SUCH was his fortune, that even at the time when he was an amir, he became a Solomon in the country of Deogir (Demon-land). The demon (deo) became so submissive in the land of Jamshed, that Ram Deo’s country was ravaged and the Rai himself was first captured and then set free. Fate placed in Alauddin’s hands a world of treasure, nay, the treasure of the whole world—innumerable elephants and more precious stones than could be carried by a hundred camels…

Next, the army of the Emperor was ordered to march towards Tilang. The Rai of Tilang, a ruler over the world of gold-leaf, possessed a hundred elephants. He wished to raise a tumult with his world-conquering heart, but the prestige of the Emperor overawed him; and as he had not courage enough to resort to dagger-thrusts, he sought refuge in his unlucky fort. The fort was encircled by the Imperial army even as a demon might have been surrounded by Jamshed’s soldiers. The Rai saw himself wounded by the talons of the Emperor’s good fortune; he asked for the right hand of peace and it was extended to him. The Rai then constructed a golden image of himself with a golden cord round its neck and sent it to the Imperial army with one hundred elephants and a treasure beyond all reckoning. In return for this the Malik spared the Rai’s life; yet in order to test him—and an arrow is not kept blunt except on purpose—he thundered in rage: ‘If the Rai does not come in person, we shall take up the dagger in the hand of peace we have extended to him.’ When the Rai’s neck heard this, it felt like rolling itself on its head (to the Malik’s presence); so before he could be brought out by compulsion, the Rai came out in person wlth his head still on his neck. This dis­play of submission saved his rebellious neck from the decapitating sword and he was allowed to reign in his own territory. Having been deprived of all his wealth, Saturn was left in his empty constellation. After thus suppressing the rebels, the victorious army returned to the Court; it was distinguished by royal favours and even ordinary horsemen were raised to the status of respectable amirs.

Next, the Barbek was ordered to make the elephants of Ma’bar the morsel of his falcons, so that the heroes of the army may be intoxicated with Ma’bari blood. He was to conquer the seacoast till Lanka (Ceylon) with his sword; the land right up to Sarandip (Ceylon) was to be perfumed with the amber of faith and the heads of Satan’s followers knocked down in quick succession at Adam’s feet. Accompanied by Victory herself, the army started with the intention of raising from the sea a dust that would rise up to the moon. When it reached the territory of the Rai Rayan, the ground became invisible under the feet of the quadrupeds, but as Deogir was already submissive, the army moved against the other Deos, while the earth trembled under its feet. Here, too, was a famous Rai, Bilal Deo, a per­son of great reputation in those days who through the strength of his elephants and his treasure had often done considerable harm to Deogir. At a hint (from the Malik) the army began to plunder the country. But the wise Rai refused to fight; he came fearlessly out of his fort and handed over to the Imperial army with all elephants, horses and valuables he possessed.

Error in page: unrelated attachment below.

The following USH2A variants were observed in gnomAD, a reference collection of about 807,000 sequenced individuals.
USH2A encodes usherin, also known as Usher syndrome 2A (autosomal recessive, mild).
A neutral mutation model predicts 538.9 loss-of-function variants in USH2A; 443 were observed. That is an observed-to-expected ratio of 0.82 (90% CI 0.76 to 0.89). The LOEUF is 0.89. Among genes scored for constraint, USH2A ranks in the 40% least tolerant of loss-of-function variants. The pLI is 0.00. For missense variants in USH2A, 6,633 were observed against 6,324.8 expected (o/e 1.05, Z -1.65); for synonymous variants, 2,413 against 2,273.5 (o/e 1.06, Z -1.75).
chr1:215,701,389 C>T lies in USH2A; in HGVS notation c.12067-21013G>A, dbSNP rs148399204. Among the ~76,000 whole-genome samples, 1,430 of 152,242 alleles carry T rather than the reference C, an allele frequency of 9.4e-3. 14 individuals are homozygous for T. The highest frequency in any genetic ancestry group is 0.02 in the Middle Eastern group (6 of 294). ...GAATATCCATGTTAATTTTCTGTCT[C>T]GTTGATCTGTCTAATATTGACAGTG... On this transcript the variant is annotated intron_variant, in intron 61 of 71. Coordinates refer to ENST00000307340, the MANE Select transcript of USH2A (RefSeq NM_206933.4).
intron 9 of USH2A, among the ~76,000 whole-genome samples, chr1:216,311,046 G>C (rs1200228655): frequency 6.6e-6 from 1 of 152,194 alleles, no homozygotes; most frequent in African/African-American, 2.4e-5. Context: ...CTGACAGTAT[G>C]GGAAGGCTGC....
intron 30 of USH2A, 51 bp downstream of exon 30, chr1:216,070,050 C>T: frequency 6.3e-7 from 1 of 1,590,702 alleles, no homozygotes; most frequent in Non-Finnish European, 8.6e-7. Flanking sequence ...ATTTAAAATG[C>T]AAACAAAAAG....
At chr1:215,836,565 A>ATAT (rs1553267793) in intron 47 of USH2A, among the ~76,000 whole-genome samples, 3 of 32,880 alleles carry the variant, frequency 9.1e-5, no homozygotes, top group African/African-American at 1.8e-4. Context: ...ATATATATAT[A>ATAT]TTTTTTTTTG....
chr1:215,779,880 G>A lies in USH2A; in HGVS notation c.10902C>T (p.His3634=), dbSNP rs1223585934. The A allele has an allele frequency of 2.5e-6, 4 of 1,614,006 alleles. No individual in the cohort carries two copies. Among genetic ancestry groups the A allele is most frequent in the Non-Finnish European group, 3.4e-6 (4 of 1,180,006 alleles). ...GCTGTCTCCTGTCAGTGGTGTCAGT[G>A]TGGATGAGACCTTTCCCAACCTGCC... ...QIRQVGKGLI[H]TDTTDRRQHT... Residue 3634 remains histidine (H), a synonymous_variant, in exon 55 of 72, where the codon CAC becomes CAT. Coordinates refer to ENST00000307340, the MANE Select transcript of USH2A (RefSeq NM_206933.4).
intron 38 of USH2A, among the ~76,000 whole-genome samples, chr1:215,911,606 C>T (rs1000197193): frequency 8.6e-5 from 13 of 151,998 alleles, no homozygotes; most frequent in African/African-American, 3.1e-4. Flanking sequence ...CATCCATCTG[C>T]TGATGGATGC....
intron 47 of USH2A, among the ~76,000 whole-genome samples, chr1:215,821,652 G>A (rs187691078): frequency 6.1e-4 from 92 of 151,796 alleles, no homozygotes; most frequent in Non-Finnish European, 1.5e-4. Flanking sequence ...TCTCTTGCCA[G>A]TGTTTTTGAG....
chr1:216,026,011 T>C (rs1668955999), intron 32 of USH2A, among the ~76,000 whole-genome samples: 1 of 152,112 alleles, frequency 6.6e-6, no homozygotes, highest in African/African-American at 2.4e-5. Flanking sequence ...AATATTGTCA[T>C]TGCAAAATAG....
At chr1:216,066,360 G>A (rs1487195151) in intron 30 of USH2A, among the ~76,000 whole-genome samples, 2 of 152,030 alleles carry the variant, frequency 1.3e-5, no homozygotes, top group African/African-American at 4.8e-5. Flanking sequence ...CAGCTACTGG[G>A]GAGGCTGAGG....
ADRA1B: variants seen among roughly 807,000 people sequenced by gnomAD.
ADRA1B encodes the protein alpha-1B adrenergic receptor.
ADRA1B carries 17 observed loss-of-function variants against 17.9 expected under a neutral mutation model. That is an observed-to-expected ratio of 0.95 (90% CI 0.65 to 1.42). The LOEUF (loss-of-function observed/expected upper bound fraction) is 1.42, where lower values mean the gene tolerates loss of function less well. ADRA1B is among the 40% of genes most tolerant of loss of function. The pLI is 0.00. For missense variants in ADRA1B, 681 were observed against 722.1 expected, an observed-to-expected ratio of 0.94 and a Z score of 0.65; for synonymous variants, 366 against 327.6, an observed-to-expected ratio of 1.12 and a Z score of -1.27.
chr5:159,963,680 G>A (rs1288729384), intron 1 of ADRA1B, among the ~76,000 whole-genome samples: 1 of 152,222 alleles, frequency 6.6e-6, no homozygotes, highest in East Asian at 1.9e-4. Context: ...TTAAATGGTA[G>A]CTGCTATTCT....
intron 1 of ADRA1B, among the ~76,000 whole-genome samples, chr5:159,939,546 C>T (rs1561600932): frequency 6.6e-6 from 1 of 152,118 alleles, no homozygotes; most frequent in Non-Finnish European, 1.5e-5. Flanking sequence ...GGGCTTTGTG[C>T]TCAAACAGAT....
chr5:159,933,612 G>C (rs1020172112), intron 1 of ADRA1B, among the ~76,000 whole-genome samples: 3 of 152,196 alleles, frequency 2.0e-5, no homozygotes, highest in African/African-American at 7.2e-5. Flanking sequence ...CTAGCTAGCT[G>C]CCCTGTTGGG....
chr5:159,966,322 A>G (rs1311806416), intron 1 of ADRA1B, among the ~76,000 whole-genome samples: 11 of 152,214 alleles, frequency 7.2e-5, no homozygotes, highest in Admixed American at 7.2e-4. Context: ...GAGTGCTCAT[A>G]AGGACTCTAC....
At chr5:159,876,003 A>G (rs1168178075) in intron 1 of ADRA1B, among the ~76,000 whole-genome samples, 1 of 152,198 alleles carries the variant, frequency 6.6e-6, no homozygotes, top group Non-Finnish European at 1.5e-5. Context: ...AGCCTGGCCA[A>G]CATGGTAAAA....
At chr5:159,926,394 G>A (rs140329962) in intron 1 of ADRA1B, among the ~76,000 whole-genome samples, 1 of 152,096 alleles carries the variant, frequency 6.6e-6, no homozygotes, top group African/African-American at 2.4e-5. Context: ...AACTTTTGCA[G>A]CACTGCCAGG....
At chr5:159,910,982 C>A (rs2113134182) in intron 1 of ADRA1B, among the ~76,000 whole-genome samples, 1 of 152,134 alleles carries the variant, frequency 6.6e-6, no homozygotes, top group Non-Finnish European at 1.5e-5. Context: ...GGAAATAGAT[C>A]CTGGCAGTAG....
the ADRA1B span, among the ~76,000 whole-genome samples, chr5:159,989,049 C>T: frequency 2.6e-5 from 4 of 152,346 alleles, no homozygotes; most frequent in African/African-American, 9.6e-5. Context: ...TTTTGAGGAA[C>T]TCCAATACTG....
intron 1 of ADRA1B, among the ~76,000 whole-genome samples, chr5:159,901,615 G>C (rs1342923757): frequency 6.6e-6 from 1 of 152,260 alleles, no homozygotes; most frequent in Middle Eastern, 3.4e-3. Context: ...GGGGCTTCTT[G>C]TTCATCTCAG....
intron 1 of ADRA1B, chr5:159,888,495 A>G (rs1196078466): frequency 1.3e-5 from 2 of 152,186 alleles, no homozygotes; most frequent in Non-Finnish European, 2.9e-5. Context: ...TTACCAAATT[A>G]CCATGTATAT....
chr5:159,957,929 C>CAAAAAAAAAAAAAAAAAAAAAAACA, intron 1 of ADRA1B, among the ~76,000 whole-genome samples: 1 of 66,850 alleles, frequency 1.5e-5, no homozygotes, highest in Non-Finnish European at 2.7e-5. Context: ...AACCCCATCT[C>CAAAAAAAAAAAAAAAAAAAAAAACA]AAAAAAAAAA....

After this fortunate victory on the way, the army provided itself with the necessary material of war and moved like a wall of iron towards the ocean. It raised such a storm that stones flew about like straws, ships were wrecked in the sea and the villages and towns situated on the line of march shook from seacoast to seacoast. In that vicinity also there was an august Rai, a Brahman named Bir Pandya, the finest gem in the crown of the Hindus. His sway was unchallenged over land and sea, and there were many inland cities and harbours in his dominions, the chief of them being Patan, where the Rai resided, and Marhat Puri which contained a famous idol and temple. The golden temple raised its head to the moon and Saturn felt ashamed of it; the idol was drowned in rubies and precious stones, everyone of which was valuable enough to provide food for a whole city. The Rai possessed a large army and countless boats; Mussal­mans as well as Hindus were in his service. He had a thousand elephants and horses more than could be counted. When the Imperial army reached Patan, the misguided Rai forgot his path in fear, and in spite of the strength he possessed, hid himself like an ant in the forest. His subjects wandered disconsolate on all sides, and his elephants and troops went about searching for their lost ‘head’. An army becomes a mere mob when its leader is not to be found—what is the use of the body when the head has been cut off? The Muslim troopers of the Rai sub­mitted to the Imperial army; the commander (Malik Kafur) forgave them, encouraged them, and treated them with favour. Next, they applied their iron instruments to the golden idol and opened doors into the ‘heads’ of the temple, which though it was the Ka’ba of the accursed gabrs, yet kissed the ground of the Imperial Treasury. The gold and treasure of (the temple)—so heavy that it would have casued a hill in the other pan of the balance to fly up—was placed on moun­tain-like elephants for the Imperial Court. When the Ma’bar expedition was over, the wise Commander brought the army back to the capital, where it was distin­guished by royal favours. How great, indeed, is the fortune of the Emperor who conquers the world without stirring from his throne. At a motion of his eyebrows in Delhi, Ma’bar and Bahrain are plundered. He has only to will it, and all the Deos of India become submissive to him.